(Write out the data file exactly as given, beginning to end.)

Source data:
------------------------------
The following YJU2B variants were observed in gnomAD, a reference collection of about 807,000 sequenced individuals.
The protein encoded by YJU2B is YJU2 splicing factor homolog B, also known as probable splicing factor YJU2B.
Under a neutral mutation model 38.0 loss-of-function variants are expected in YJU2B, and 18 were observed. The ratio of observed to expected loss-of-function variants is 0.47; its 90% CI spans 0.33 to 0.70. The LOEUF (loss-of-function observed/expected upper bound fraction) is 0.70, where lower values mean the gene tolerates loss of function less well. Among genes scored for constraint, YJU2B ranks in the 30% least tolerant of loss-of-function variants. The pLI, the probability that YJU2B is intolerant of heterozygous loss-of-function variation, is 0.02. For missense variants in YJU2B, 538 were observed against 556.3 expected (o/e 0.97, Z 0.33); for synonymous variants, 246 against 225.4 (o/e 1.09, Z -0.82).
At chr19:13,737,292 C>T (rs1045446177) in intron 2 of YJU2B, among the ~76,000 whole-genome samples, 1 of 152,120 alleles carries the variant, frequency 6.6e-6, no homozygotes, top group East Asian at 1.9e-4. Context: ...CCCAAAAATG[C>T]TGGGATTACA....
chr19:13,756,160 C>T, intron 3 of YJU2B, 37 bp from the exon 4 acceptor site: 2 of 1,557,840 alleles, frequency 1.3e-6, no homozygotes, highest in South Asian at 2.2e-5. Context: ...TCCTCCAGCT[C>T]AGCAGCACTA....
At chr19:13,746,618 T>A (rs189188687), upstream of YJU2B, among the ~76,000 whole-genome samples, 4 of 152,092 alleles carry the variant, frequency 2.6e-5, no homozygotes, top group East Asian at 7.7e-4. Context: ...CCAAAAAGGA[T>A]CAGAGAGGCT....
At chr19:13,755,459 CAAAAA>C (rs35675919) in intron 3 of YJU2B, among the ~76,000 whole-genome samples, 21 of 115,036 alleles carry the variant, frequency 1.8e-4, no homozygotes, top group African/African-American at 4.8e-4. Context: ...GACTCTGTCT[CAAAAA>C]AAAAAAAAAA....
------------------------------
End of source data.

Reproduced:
The following YJU2B variants were observed in gnomAD, a reference collection of about 807,000 sequenced individuals.
The protein encoded by YJU2B is YJU2 splicing factor homolog B, also known as probable splicing factor YJU2B.
Under a neutral mutation model 38.0 loss-of-function variants are expected in YJU2B, and 18 were observed. The ratio of observed to expected loss-of-function variants is 0.47; its 90% CI spans 0.33 to 0.70. The LOEUF (loss-of-function observed/expected upper bound fraction) is 0.70, where lower values mean the gene tolerates loss of function less well. Among genes scored for constraint, YJU2B ranks in the 30% least tolerant of loss-of-function variants. The pLI, the probability that YJU2B is intolerant of heterozygous loss-of-function variation, is 0.02. For missense variants in YJU2B, 538 were observed against 556.3 expected (o/e 0.97, Z 0.33); for synonymous variants, 246 against 225.4 (o/e 1.09, Z -0.82).
At chr19:13,737,292 C>T (rs1045446177) in intron 2 of YJU2B, among the ~76,000 whole-genome samples, 1 of 152,120 alleles carries the variant, frequency 6.6e-6, no homozygotes, top group East Asian at 1.9e-4. Context: ...CCCAAAAATG[C>T]TGGGATTACA....
chr19:13,756,160 C>T, intron 3 of YJU2B, 37 bp from the exon 4 acceptor site: 2 of 1,557,840 alleles, frequency 1.3e-6, no homozygotes, highest in South Asian at 2.2e-5. Context: ...TCCTCCAGCT[C>T]AGCAGCACTA....
At chr19:13,746,618 T>A (rs189188687), upstream of YJU2B, among the ~76,000 whole-genome samples, 4 of 152,092 alleles carry the variant, frequency 2.6e-5, no homozygotes, top group East Asian at 7.7e-4. Context: ...CCAAAAAGGA[T>A]CAGAGAGGCT....
At chr19:13,755,459 CAAAAA>C (rs35675919) in intron 3 of YJU2B, among the ~76,000 whole-genome samples, 21 of 115,036 alleles carry the variant, frequency 1.8e-4, no homozygotes, top group African/African-American at 4.8e-4. Context: ...GACTCTGTCT[CAAAAA>C]AAAAAAAAAA....